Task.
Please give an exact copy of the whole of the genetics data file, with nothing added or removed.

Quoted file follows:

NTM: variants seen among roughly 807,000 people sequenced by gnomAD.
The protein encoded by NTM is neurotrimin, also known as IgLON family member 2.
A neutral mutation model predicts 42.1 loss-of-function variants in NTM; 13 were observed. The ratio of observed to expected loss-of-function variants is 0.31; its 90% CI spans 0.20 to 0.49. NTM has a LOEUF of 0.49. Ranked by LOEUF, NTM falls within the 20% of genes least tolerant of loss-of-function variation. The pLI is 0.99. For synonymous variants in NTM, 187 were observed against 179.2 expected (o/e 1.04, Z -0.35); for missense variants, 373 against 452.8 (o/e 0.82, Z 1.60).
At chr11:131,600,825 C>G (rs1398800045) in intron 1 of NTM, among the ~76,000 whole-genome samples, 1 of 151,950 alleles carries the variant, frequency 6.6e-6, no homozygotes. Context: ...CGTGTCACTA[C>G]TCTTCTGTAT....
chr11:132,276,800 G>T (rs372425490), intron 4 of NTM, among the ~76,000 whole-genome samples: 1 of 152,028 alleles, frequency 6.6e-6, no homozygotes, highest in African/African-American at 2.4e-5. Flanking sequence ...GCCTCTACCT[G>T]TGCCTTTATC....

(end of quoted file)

NTM: variants seen among roughly 807,000 people sequenced by gnomAD.
The protein encoded by NTM is neurotrimin, also known as IgLON family member 2.
A neutral mutation model predicts 42.1 loss-of-function variants in NTM; 13 were observed. The ratio of observed to expected loss-of-function variants is 0.31; its 90% CI spans 0.20 to 0.49. NTM has a LOEUF of 0.49. Ranked by LOEUF, NTM falls within the 20% of genes least tolerant of loss-of-function variation. The pLI is 0.99. For synonymous variants in NTM, 187 were observed against 179.2 expected (o/e 1.04, Z -0.35); for missense variants, 373 against 452.8 (o/e 0.82, Z 1.60).
At chr11:131,600,825 C>G (rs1398800045) in intron 1 of NTM, among the ~76,000 whole-genome samples, 1 of 151,950 alleles carries the variant, frequency 6.6e-6, no homozygotes. Context: ...CGTGTCACTA[C>G]TCTTCTGTAT....
chr11:132,276,800 G>T (rs372425490), intron 4 of NTM, among the ~76,000 whole-genome samples: 1 of 152,028 alleles, frequency 6.6e-6, no homozygotes, highest in African/African-American at 2.4e-5. Flanking sequence ...GCCTCTACCT[G>T]TGCCTTTATC....